There are few things quite as indulgently wonderful as chocolate. As a sweet treat it can't be beaten.
It has been a wee while since I dedicated these pages to chocolate, so I figured it was high time - after all everyone needs a decent dose of the good quality stuff now and again.
By good quality, I am talking about plenty of cocoa solids which means rich, dark chocolate that begins to melt as soon as it touches the warmth of your mouth.
Good quality chocolate will have cocoa solids of between 45 and 80 per cent, but the higher the percentage the higher the cost, so buy the best you can afford.
If you see the words couverture or compound on the packaging when trying to choose, I suggest you choose couverture.
Compound chocolate is less expensive because of the amount of cheap oil added to the mix to make it go further. The oily flavour is definitely discernible, and it's such a shame to deter from the true flavour of the cocoa. Apart from the flavour, in my experience compound chocolate doesn't melt well and can often split.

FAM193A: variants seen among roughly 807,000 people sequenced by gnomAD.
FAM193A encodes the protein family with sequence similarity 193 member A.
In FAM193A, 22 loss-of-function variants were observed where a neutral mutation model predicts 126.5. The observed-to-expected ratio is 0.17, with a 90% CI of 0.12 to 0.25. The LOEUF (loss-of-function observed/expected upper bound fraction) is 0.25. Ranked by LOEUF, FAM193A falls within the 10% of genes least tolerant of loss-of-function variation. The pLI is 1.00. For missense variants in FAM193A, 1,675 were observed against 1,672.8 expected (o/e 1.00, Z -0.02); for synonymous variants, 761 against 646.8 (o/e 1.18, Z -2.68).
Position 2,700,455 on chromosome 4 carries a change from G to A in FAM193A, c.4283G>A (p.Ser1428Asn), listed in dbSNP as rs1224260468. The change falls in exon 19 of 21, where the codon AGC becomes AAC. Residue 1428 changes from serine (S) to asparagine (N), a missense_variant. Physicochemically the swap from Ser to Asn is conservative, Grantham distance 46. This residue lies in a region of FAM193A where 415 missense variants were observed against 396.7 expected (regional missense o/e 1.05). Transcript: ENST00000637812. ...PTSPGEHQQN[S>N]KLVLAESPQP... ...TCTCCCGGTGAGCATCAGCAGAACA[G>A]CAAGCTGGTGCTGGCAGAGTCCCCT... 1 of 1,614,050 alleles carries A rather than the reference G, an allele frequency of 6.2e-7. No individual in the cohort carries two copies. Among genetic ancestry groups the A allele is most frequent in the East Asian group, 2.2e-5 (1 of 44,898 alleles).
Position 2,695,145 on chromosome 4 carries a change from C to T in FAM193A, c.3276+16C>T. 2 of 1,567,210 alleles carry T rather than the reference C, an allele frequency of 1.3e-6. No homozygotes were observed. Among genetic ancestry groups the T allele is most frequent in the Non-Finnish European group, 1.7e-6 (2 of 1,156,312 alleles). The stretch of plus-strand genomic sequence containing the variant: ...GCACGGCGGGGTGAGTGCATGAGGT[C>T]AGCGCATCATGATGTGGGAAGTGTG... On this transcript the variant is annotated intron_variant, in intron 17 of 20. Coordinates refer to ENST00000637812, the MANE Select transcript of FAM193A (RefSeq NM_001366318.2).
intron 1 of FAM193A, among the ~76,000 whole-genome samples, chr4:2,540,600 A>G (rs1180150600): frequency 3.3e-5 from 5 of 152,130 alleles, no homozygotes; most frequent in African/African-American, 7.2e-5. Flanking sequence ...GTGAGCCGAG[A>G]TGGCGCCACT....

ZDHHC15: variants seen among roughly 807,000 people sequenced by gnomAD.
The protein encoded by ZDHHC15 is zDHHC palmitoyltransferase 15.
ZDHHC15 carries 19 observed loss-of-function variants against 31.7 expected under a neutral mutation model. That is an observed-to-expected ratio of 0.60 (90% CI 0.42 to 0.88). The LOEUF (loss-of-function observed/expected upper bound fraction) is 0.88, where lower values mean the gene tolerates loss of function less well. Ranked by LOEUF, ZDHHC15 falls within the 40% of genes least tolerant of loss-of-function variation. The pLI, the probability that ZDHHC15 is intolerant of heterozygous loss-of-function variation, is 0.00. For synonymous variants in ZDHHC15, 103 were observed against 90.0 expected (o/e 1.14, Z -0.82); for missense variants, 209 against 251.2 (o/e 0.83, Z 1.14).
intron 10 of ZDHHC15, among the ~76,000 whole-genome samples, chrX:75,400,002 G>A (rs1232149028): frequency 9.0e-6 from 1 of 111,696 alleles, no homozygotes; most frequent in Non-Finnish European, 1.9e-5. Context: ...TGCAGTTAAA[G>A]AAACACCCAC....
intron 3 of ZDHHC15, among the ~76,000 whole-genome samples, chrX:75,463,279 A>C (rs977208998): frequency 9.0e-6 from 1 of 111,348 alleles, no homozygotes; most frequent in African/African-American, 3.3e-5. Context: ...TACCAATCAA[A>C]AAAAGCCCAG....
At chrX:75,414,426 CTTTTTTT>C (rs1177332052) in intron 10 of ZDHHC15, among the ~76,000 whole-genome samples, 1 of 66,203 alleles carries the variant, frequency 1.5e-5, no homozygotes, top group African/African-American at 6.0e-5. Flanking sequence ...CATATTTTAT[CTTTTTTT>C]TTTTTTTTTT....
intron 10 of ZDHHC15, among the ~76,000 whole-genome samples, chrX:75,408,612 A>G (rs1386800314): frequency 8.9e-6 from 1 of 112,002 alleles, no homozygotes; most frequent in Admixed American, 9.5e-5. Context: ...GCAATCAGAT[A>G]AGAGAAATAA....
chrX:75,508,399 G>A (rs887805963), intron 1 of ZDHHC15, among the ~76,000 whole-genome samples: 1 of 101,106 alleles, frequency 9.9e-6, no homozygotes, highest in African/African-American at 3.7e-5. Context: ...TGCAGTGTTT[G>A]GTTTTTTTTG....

On the other hand, couverture chocolate has a pure cocoa flavour and quickly becomes rich and silky when gently melted.
While the wind and rain is whistling around the garden, I have been thinking of warming chocolatey recipes.
A good chocolate mousse recipe is always welcome but is more delicious when paired with caramelised oranges and a little lavender to spoon over.
Bread and butter pudding is one of those classic winter desserts that everyone loves. If you use buttery croissants instead of white bread, then sprinkle the magic ingredient over them, the pudding will be filled with melting chunks of chocolate and will be much lighter than the original version.
Chopping up chunks of chocolate and toasted hazelnuts then wrapping the mixture in sheets of buttered filo pastry, making cigar-like tubes and baking until lovely and golden, is a bit of a take on the nutty baklava. The flavour of chocolate with hazelnut is one I love. In this recipe the chocolate melts into the hazelnuts while the filo pastry stays crispy. All that is needed is a little dusting of icing sugar and a spoonful of softly whipped cream.
When melting chocolate, roughly chop or grate it first. Chocolate needs to be melted over a gentle heat, preferably in a bowl over simmering water. If too hot the chocolate will split and burn. A microwave works well as long as you heat gently. Chocolate only needs to be warm to melt.By Amanda Laird Email Amanda